Failure to make use of electronic chart cited as factor in grounding

Inattention to an electronic chart system and a breakdown of communications on the bridge contributed to the grounding of the containership ANL Excellence in Moreton Bay off the coast of Queensland in 2002, the Australian Transport Safety Bureau has concluded.

ANL Excellence lies at anchor in Moreton Bay after it was refloated. The ship ran aground on its way to Brisbane.
   Image Credit: Australian Transport Safety Bureau

At 0318 on July 19, 2002, ANL Excellence embarked a Brisbane Marine pilot off Port Cartwright for the passage to the Fisherman Islands container terminal in the Port of Brisbane. Once aboard, the pilot joined the master, mate and helmsman on the bridge. At 0518, the 797-foot ship entered the East Channel, passing channel marker E1. At the time, a light rain was falling, but visibility was reasonable.

The ship proceeded at a heading of 191°, passing lit channel markers E2, E3 and E4. As the ship passed E3, the pilot ordered a course change to 240º. A temporary channel marker was in the position of channel marker E5 (the “turning mark”) that had been destroyed by a ship 15 months before. No one on the bridge saw the temporary channel marker.

The pilot held an unlimited license and had piloted more than 400 ships in the area. As part of their normal operating procedure, Brisbane pilots carry a portable electronic charting system (ECS) on a laptop computer. While these portable units are not meant to replace the ship’s own navigation equipment, they are used in conjunction with the ship’s systems and navigational charts.

The master had been monitoring one of the two bridge radars. Following the pilot’s course change, the master noticed a dramatic change in the relative bearings of beacons E4 and E2. He questioned the helmsman about this. The master was unaware of the pilot’s course change to starboard. At the same time, the pilot went to his laptop to check his position on the ECS. The pilot found that the screen was blank because the laptop had entered a power-saving mode. Once he brought up the screen, the pilot realized that he had ordered the course change too early, ahead of channel marker E5. The main engine was then stopped and put astern, but it was too late, and the ship ran aground on Middle Bank.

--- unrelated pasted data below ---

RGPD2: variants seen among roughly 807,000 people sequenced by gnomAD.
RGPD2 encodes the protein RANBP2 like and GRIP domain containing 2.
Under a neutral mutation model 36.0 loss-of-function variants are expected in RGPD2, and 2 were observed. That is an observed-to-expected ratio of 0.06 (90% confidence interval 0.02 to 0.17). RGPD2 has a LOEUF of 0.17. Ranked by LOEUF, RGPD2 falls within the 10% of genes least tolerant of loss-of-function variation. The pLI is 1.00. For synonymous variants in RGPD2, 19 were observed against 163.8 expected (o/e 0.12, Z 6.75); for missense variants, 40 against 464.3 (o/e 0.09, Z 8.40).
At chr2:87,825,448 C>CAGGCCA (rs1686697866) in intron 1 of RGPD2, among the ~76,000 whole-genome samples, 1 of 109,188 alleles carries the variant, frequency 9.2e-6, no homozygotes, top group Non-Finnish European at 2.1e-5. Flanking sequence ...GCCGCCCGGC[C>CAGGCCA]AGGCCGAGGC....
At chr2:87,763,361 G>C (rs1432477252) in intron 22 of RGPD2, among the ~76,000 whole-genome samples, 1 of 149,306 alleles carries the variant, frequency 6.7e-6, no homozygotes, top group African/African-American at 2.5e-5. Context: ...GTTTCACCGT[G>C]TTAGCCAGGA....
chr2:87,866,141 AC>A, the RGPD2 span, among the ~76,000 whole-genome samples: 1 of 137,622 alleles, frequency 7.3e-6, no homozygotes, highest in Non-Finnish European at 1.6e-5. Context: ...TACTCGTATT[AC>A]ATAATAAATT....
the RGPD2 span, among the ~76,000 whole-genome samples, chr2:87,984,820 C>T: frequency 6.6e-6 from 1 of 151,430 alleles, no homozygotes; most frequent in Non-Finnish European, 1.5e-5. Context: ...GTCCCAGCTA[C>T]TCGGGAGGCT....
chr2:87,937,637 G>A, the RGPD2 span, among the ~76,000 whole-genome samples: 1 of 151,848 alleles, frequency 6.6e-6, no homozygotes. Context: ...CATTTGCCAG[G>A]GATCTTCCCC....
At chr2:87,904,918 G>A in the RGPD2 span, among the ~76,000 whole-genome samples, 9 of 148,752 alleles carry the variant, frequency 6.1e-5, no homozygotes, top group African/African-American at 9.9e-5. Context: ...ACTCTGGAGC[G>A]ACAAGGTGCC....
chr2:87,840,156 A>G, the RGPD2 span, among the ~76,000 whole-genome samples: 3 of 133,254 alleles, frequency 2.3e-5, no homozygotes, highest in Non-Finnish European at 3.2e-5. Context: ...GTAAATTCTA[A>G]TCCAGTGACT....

The ATSB investigation concluded that the pilot did not follow his normal procedure of using his ECS to check his position as he ordered the change in course, perhaps because the laptop was placed a significant distance from where he was standing. By the time the pilot tried to use the laptop, the power-saving mode resulted in a delay before the pilot could verify the ship’s position.

The board also noted that the temporary channel marker may have been obscured by the rain or may have gone unnoticed because it was lit green, unlike the other channel markers that were all lit white. According to the report, “Neither the master nor the mate were sufficiently aware of the ship’s situation, at the time, to challenge the pilot’s premature order for a course alteration. Insufficient attention was paid to the ship’s radar display.” It went on to say that “the interpersonal tension between the master and the mate effectively nullified the active participation of one qualified navigator in the bridge team.”

The ship was refloated with the aid of its engines and two tugs on the high tide later the same day. Once the ship was at anchor, the hull was inspected for damage and deemed sound. There were no injuries associated with the incident.

By Professional Mariner Staff